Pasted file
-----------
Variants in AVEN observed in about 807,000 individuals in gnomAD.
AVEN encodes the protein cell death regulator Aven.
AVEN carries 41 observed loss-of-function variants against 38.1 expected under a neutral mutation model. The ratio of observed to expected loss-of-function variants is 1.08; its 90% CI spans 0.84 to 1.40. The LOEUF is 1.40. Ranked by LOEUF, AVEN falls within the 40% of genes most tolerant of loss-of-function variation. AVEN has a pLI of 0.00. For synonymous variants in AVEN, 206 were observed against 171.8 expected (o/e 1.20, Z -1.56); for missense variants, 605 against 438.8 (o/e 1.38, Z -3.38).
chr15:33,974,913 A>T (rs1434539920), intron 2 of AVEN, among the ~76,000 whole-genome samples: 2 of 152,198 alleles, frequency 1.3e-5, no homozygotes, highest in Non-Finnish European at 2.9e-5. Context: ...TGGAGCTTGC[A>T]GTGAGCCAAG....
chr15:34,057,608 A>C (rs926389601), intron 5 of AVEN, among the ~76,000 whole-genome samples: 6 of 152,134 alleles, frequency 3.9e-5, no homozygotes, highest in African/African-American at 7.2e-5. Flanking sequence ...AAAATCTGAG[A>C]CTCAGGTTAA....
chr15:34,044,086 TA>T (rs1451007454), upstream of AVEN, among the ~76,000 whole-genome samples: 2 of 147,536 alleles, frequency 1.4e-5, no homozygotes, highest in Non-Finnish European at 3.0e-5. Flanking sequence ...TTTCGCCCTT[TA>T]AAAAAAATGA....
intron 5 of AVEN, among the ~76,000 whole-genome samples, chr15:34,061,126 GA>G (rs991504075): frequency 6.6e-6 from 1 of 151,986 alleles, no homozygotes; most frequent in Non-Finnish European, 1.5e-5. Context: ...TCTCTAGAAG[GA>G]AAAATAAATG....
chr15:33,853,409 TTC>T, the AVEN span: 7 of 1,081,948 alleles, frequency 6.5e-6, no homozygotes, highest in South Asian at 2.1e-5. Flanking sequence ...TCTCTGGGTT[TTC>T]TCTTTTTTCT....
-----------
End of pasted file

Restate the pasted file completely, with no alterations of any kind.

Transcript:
Variants in AVEN observed in about 807,000 individuals in gnomAD.
AVEN encodes the protein cell death regulator Aven.
AVEN carries 41 observed loss-of-function variants against 38.1 expected under a neutral mutation model. The ratio of observed to expected loss-of-function variants is 1.08; its 90% CI spans 0.84 to 1.40. The LOEUF is 1.40. Ranked by LOEUF, AVEN falls within the 40% of genes most tolerant of loss-of-function variation. AVEN has a pLI of 0.00. For synonymous variants in AVEN, 206 were observed against 171.8 expected (o/e 1.20, Z -1.56); for missense variants, 605 against 438.8 (o/e 1.38, Z -3.38).
chr15:33,974,913 A>T (rs1434539920), intron 2 of AVEN, among the ~76,000 whole-genome samples: 2 of 152,198 alleles, frequency 1.3e-5, no homozygotes, highest in Non-Finnish European at 2.9e-5. Context: ...TGGAGCTTGC[A>T]GTGAGCCAAG....
chr15:34,057,608 A>C (rs926389601), intron 5 of AVEN, among the ~76,000 whole-genome samples: 6 of 152,134 alleles, frequency 3.9e-5, no homozygotes, highest in African/African-American at 7.2e-5. Flanking sequence ...AAAATCTGAG[A>C]CTCAGGTTAA....
chr15:34,044,086 TA>T (rs1451007454), upstream of AVEN, among the ~76,000 whole-genome samples: 2 of 147,536 alleles, frequency 1.4e-5, no homozygotes, highest in Non-Finnish European at 3.0e-5. Flanking sequence ...TTTCGCCCTT[TA>T]AAAAAAATGA....
intron 5 of AVEN, among the ~76,000 whole-genome samples, chr15:34,061,126 GA>G (rs991504075): frequency 6.6e-6 from 1 of 151,986 alleles, no homozygotes; most frequent in Non-Finnish European, 1.5e-5. Context: ...TCTCTAGAAG[GA>G]AAAATAAATG....
chr15:33,853,409 TTC>T, the AVEN span: 7 of 1,081,948 alleles, frequency 6.5e-6, no homozygotes, highest in South Asian at 2.1e-5. Flanking sequence ...TCTCTGGGTT[TTC>T]TCTTTTTTCT....